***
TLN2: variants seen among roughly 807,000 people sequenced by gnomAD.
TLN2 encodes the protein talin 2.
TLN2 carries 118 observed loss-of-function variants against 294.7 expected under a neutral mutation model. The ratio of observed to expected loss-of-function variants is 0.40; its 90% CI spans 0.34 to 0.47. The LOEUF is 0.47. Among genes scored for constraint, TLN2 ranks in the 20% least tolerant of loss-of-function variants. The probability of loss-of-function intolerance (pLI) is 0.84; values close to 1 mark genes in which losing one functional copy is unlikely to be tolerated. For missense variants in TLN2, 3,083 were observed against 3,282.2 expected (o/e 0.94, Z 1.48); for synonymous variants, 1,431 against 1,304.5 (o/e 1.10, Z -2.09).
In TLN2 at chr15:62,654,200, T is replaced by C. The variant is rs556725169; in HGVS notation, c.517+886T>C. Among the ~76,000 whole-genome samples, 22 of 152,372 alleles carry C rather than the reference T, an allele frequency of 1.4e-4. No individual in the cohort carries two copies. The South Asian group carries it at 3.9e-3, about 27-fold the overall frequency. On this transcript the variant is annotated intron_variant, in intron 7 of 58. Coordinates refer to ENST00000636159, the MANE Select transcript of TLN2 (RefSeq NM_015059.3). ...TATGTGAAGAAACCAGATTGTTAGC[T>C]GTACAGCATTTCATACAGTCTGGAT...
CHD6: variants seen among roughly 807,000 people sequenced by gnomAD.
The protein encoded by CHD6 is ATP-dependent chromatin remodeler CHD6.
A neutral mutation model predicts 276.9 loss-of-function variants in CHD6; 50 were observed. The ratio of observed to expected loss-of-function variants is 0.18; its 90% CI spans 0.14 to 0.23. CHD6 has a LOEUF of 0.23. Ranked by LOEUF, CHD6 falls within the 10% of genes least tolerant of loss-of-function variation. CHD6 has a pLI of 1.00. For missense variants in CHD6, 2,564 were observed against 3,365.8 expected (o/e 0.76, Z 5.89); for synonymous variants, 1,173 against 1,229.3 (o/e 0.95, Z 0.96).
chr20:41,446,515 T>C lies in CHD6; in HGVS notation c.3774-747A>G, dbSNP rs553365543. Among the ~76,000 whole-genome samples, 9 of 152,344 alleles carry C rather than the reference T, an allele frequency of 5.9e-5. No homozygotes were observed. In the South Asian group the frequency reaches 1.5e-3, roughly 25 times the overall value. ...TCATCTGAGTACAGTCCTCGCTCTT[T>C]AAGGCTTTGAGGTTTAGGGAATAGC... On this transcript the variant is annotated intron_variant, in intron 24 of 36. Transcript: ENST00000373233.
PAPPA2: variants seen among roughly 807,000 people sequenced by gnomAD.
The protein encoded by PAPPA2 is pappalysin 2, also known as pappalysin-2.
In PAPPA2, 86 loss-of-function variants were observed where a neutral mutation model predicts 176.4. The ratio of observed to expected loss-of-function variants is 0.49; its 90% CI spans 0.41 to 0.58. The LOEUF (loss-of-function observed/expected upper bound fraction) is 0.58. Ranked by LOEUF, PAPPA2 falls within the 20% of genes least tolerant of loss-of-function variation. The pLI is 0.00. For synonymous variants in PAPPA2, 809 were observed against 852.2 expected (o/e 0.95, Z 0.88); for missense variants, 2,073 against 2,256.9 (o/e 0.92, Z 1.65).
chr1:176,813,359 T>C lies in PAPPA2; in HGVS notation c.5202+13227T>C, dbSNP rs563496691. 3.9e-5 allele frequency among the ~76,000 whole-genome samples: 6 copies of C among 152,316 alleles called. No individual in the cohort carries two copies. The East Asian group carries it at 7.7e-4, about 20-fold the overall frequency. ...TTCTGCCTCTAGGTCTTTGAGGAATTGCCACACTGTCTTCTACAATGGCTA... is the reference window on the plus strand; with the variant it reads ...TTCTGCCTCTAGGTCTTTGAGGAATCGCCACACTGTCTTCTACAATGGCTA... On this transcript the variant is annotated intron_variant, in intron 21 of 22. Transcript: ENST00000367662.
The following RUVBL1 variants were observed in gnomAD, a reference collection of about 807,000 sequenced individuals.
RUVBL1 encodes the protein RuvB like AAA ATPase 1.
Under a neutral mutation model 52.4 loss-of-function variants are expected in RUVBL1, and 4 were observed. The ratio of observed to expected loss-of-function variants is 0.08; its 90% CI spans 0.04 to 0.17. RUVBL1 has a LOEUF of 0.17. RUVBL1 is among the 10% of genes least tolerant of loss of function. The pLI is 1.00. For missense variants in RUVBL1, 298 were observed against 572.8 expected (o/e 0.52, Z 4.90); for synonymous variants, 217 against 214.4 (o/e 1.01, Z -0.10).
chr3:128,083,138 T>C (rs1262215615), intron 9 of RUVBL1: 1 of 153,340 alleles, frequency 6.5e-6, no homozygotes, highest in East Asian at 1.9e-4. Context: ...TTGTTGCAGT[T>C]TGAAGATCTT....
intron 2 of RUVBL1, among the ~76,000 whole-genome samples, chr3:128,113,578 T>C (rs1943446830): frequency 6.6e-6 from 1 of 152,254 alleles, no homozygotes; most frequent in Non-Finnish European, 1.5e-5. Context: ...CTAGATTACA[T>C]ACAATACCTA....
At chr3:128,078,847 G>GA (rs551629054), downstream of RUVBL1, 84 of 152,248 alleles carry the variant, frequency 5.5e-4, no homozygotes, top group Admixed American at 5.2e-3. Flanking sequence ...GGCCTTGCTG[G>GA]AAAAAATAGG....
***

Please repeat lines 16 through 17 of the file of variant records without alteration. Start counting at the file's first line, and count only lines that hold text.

chr3:128,083,138 T>C (rs1262215615), intron 9 of RUVBL1: 1 of 153,340 alleles, frequency 6.5e-6, no homozygotes, highest in East Asian at 1.9e-4. Context: ...TTGTTGCAGT[T>C]TGAAGATCTT....
intron 2 of RUVBL1, among the ~76,000 whole-genome samples, chr3:128,113,578 T>C (rs1943446830): frequency 6.6e-6 from 1 of 152,254 alleles, no homozygotes; most frequent in Non-Finnish European, 1.5e-5. Context: ...CTAGATTACA[T>C]ACAATACCTA....